Jeanine Duncan fondly remembered at service
Wife of ex-Cards coach, mother of two players, died June 6 at age 64
ST. LOUIS -- Jeanine Duncan, who played the role of baseball matriarch to perfection, was honored in a touching memorial service on Saturday morning at Cathedral Basilica in St. Louis.
Duncan, 64, died on June 6 at her home in Kimberling City, Mo., after a 22-month battle with brain cancer.
Jeanine was married to Dave Duncan, longtime pitching coach with the Cardinals (1996-2011) and A's (1986-95). Duncan, 67, played 11 years in the Major Leagues with Kansas City, Oakland, Cleveland and Boston.
Their sons, Chris and Shelley, also played in the Majors. Chris, 32, who hit 55 homers and drove in 175 runs during five years with the Cardinals, is a sports talk radio fixture in St. Louis. Shelley, 33, is with the Tampa Bay Rays' Triple-A club in Durham, N.C. He amassed 43 homers and 144 RBIs over the first seven years of his career.
Outgoing and vivacious, Jeanine served as the perfect complement to her more quiet, business-like husband. She fought her illness with style and grace and never let the health problems dampen her enthusiasm for life. Jeanine was diagnosed with Stage IV glioblastoma in August 2011. Dave immediately took a leave of absence to be with his wife.
Yet Jeanine insisted that he return to the team two months later to join the Cardinals' playoff run, which netted them an 11th World Series championship.
"I want you to be in uniform," Jeanine told her husband.
Jeanine literally ordered Dave to return to the club during crunch time and both of them played key roles in the World Series triumph, according to then-manager and family friend Tony La Russa.
"She deserves a lot of credit," La Russa said. "She said, 'The rest of the family can handle me. You go do what you're meant to do.'
"She played a significant and tangible role."
La Russa, who calls Dave Duncan, "the brother I never had," gave a stirring 17-minute eulogy at the service, which was attended by an estimated 400 mourners. La Russa said Jeanine had the ability to "lighten up a room with her presence."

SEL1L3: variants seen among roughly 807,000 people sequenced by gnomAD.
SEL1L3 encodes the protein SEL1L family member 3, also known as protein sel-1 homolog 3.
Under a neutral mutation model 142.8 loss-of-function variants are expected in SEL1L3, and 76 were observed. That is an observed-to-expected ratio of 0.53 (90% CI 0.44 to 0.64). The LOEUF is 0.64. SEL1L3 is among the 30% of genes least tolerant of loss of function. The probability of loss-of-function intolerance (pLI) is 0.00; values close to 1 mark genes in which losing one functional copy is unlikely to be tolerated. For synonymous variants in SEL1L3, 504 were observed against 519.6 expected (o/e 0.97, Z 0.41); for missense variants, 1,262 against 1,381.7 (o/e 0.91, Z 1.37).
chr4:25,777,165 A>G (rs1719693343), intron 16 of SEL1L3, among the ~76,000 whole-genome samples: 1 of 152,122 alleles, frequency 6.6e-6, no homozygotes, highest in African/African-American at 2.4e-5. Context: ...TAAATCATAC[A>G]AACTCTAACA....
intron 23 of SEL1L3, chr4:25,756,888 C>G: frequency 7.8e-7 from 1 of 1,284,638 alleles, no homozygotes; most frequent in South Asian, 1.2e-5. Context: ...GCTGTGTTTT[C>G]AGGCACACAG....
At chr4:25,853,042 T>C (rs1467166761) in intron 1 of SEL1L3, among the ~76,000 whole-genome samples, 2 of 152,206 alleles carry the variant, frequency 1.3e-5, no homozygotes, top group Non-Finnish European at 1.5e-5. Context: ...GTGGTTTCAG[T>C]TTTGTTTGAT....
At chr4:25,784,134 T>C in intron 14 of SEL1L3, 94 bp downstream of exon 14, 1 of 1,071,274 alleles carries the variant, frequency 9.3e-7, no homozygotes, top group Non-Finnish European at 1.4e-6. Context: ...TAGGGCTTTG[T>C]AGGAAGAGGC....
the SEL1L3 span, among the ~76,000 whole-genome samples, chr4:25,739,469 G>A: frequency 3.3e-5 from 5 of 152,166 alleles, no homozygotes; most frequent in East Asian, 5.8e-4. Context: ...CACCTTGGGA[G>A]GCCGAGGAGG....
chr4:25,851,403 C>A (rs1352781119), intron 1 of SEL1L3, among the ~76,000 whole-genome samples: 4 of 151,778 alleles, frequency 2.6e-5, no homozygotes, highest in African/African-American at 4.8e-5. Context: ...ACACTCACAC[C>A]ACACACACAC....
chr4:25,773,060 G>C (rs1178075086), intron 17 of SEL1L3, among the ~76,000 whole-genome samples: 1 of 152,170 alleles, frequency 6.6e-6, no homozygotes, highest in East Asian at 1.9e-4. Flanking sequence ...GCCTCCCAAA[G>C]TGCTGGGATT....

La Russa also recalled visiting Jeanine in hospital. He went there along with several others to try and cheer her up. But in the end, it worked the other way around.
"She was smiling, laughing and ended up making everyone else in the room feel better," La Russa said.
Despite undergoing chemotherapy, Jeanine, with help from her sons, was able to make the four-hour drive to St. Louis to attend the Cardinals' Game 7 triumph over the Rangers in 2011.
Dave Duncan stepped down a few months following the World Series to resume care of his wife. He stayed by her side and was the leader of what Jeanine called, "Team Jeanine," a large support group that helped her through the chemotherapy treatments.
Former Cy Young Award winner Chris Carpenter attended Saturday's service as well as former St. Louis closer Jason Isringhausen. St. Louis general manager John Mozeliak and team chairman and CEO William DeWitt Jr. were also present, along with numerous members of the organization.
Jeanine Duncan was born July 23, 1948, in Kansas City. She met Dave during Spring Training when he was with the Indians. She was a college student at the time.
Chris Duncan has also been diagnosed with glioblastoma. He underwent surgery on Oct. 10, 2012, and looks to be on the way to a full recovery.
The Cathedral Basilica was the location of a memorial service for Cardinals Hall of Fame legend Stan Musial just six months earlier.
Steve Overbey is a contributor to MLB.com. This story was not subject to the approval of Major League Baseball or its clubs.